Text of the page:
A recently published Technician column advocated in favor of online lab courses replacing traditional labs, especially the 100- and 200-level courses. However, I strongly disagree with the author’s opinion and believe that in-lab experience gives students skills they would never be able to acquire otherwise. In fact, hands-on experience is a crucial part of the learning process across all disciplines and not just science.
While the author believes 100- and 200-level labs should either be made entirely online or at least a hybrid of both online and traditional, he fails to understand the implications this decision will have on students. Laboratory skills are not something that can be learned overnight; it takes years of experience for students to learn the art of navigating the space of a lab. A student who has taken virtual lab classes all their life may be very well-versed in the theory the lab was based off of, but will fail when it comes to actual research and field work a career in STEM will demand from them.
The author states that the change he proposes will allow “students to explore science without consequences.” However, the whole purpose of science is that there are consequences. One mistake in choosing the chemical compound can cause a catastrophic explosion, one missing bolt can cause a structure to collapse, and one wrong incision can end a life. Science is all about consequences, and hiding that truth from students will only harm them and the future of STEM. A future employer will never want a student with just straight As; they need students who know how to work with their hands, proven by how important internships and co-ops are during recruitment.
By working in a lab, no matter how boring or insignificant it may seem, students learn how to handle themselves in a potentially dangerous environment under the guidance of trained TAs and professors. They learn how to properly use various kinds of equipment, how to accurately record observations and draw conclusions, and learn the general ethics and safety rules of being in a laboratory, skills that are much more important than students like the author realize.
Evan Akeroyd, a second-year graduate student and TA for Chemistry 102, the lab that accompanies Chemistry 101, spoke on the importance of lab learning.
“The lab provides a different type of learning environment that makes the students think about the content in a way that's different from the traditional lecture,” Akeroyd said. “Students get great experience conducting experiments and drawing conclusions from their observations. This would not be as effective if the lab was conducted online.”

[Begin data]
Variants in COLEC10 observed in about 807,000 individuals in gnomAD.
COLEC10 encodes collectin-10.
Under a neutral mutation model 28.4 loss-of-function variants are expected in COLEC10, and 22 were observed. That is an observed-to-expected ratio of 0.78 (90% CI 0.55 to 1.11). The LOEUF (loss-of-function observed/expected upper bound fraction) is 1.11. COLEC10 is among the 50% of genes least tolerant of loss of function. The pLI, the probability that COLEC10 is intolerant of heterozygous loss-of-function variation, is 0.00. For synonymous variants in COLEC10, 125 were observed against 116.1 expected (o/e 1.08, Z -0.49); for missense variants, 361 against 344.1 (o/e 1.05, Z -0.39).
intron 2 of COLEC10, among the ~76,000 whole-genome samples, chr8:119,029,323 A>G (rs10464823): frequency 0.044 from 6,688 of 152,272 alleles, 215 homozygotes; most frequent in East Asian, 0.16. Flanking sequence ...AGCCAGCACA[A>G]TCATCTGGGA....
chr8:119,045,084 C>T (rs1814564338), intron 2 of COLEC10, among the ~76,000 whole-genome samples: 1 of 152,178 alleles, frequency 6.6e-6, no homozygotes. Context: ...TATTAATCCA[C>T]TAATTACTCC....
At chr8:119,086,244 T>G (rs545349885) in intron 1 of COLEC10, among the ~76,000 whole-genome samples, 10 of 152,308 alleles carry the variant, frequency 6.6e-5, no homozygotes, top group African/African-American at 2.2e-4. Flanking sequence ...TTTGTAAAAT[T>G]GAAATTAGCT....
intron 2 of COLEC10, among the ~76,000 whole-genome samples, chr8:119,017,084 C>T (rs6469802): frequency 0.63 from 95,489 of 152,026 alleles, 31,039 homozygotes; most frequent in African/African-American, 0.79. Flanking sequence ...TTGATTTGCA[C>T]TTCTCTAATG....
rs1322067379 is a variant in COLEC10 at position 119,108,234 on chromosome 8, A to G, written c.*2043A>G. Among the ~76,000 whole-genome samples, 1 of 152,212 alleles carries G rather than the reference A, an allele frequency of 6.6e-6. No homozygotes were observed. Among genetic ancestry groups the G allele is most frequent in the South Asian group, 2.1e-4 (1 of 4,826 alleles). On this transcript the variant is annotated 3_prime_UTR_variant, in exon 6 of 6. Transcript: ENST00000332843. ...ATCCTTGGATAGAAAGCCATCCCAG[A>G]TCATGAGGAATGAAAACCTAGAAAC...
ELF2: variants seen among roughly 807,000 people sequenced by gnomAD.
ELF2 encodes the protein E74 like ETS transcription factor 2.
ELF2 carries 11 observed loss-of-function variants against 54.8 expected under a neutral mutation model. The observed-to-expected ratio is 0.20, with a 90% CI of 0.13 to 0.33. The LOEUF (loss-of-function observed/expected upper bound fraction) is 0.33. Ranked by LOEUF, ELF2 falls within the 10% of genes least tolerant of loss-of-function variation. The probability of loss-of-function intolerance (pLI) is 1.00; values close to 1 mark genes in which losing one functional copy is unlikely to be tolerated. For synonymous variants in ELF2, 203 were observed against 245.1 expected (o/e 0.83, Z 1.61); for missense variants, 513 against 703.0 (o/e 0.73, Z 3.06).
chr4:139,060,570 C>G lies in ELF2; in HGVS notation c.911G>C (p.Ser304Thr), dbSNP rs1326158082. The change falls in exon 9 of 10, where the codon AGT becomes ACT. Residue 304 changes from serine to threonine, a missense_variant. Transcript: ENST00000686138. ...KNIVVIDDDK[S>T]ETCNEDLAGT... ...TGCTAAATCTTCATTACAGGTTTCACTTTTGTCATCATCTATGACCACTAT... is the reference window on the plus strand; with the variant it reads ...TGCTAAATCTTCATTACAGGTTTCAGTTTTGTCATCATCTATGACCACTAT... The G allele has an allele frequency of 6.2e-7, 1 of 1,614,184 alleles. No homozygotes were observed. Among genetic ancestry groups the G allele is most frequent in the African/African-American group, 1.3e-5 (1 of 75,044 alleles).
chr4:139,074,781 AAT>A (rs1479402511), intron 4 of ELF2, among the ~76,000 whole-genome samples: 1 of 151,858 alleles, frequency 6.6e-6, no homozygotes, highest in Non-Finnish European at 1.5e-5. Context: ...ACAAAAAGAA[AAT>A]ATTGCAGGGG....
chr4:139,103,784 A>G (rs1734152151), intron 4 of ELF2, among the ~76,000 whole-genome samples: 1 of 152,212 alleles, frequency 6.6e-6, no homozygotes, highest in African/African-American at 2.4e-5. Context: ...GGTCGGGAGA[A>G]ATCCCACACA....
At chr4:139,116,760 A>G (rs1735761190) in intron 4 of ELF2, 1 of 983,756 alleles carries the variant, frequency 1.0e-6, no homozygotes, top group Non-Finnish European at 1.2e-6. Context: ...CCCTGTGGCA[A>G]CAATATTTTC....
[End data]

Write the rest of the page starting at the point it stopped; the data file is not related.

While I agree with the author that online content can “provide deeper conceptual understanding of topics” to the students, virtual labs should not replace traditional labs entirely. To quote the American Chemistry Society, “Computer simulations that mimic laboratory procedures have the potential to be a useful supplement to student hands-on activities, but not a substitute for them.”
Furthermore, NC State has already implemented web-based learning into a number of their courses, including lab classes, with the help of WebAssign and other web-based learning tools. These tools do help students visualize 3D structures, understand the concepts and procedures better, and are used for completing post-lab and pre-lab assignments.
I also believe that if labs were to be made fully online, a number of students may not give as much attention to them as they should. It would facilitate cheating, as students could easily copy “observations” from each other, or even with the help of online homework services like Chegg or Course Hero. By forcing students to attend labs once a week, they are compelled to learn how to manage the space of a lab, socialize and work with their lab partners, and also get one-on-one help from their lab instructor.
NC State however, is working on a project “to help address limited access to lab-based education to a diverse population of students, such as deployed military and pregnant students.” This is a helpful alternative for students who can not physically come to labs due to health reasons, etc.
In a world where everything is becoming technology-based, it’s important to know where to draw the line. The internet and artificial systems cannot and should not replace everything we do. The concept of virtual labs should only be used for those who literally can not come to the lab, as it would be immensely detrimental to students’ academic growth if they choose to opt out of in-person labs. These labs are important for learning, even if some students don’t realize it.